## 2 thoughts on “System and Surroundings”

1. Anonymous says:

Are beakers and thermometers examples of a system?
Are the reagents in an experiment also considered part of the system?

1. Surfguppy says:

First, you need to be clear what the system is and what the surrounding is. So you will need to define the system’s boundary.

We have an example here, HCl and NaOH reacting in a beaker. We want to measure the ΔH of reaction.
So, we can draw an imaginary boundary – shown by the dotted line. This will represent the chemical reaction taking place inside the beaker.
You will only be interested in the heat exchange between the chemical reaction and the surrounding.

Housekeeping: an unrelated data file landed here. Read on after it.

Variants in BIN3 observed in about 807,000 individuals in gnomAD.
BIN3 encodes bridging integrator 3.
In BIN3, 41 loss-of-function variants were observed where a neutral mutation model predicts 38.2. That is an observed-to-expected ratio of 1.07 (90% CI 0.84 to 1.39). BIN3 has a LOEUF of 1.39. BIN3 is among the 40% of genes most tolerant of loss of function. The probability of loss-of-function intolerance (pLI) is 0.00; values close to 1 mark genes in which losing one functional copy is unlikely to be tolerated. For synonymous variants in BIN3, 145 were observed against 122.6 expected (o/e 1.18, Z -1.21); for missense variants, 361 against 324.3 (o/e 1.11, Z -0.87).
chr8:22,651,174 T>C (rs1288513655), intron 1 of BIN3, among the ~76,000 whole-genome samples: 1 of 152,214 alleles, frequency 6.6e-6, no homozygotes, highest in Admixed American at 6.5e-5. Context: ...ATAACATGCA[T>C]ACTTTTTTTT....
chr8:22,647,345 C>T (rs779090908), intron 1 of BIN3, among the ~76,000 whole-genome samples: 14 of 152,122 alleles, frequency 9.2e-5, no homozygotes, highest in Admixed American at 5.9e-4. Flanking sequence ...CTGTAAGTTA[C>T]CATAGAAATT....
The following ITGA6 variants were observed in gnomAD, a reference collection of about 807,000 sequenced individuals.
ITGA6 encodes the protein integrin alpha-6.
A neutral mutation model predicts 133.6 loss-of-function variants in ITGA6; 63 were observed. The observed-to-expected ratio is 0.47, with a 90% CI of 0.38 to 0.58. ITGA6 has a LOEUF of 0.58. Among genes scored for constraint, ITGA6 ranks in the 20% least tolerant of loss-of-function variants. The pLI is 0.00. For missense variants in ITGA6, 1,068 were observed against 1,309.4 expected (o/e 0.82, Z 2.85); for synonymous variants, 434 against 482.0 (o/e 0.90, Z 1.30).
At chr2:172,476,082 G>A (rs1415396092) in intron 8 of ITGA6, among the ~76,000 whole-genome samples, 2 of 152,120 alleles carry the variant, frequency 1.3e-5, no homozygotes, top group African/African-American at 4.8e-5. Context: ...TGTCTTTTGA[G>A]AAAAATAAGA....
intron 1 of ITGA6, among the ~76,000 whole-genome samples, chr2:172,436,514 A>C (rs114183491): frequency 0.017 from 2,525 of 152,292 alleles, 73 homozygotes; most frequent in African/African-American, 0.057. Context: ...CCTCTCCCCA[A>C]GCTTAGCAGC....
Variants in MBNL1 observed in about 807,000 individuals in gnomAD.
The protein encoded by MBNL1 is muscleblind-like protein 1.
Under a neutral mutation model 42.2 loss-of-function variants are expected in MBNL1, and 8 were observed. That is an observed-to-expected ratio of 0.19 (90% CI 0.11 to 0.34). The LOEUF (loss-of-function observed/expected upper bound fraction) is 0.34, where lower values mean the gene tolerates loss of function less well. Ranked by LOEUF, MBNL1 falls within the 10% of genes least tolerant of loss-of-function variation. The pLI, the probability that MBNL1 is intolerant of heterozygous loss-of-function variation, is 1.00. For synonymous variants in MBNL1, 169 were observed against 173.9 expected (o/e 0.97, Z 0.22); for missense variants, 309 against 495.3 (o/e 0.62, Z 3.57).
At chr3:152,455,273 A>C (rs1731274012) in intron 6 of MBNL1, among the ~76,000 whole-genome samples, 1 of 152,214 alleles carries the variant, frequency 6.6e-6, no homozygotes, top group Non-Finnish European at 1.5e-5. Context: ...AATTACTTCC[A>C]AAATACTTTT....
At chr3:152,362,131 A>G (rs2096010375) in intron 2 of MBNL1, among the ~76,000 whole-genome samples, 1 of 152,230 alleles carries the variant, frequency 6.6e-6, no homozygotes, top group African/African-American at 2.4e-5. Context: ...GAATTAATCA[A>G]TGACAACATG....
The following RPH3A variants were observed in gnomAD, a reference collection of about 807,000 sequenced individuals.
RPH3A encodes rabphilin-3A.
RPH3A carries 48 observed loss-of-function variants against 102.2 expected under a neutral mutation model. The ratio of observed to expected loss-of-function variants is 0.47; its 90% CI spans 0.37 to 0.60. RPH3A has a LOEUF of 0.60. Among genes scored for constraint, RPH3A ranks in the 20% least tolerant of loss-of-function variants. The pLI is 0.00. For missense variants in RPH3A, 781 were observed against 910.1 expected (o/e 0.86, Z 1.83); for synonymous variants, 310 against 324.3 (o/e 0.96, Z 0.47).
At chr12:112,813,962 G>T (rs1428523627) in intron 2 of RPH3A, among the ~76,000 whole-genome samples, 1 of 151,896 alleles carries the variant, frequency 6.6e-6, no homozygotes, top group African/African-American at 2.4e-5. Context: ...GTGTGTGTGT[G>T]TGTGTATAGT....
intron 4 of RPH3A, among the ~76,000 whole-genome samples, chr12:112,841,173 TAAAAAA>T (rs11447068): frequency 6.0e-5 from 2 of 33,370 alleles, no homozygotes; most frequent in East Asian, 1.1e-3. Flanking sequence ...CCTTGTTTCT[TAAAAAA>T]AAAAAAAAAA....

So the chemical reagents are considered part of the system.
The rest you can consider the surrounding.
It’s very hard to measure the change in temperature of the reaction directly, so we measure the change in temperature of the surroundings.
So using the equation q = (m)(c)(T₂ – T₁), we can work out the heat change
Because the heat change is measured as part of the surrounding, we must reverse the sign to obtain the heat change of the reaction:
qᵣₓₙ = -qₛᵤᵣᵣ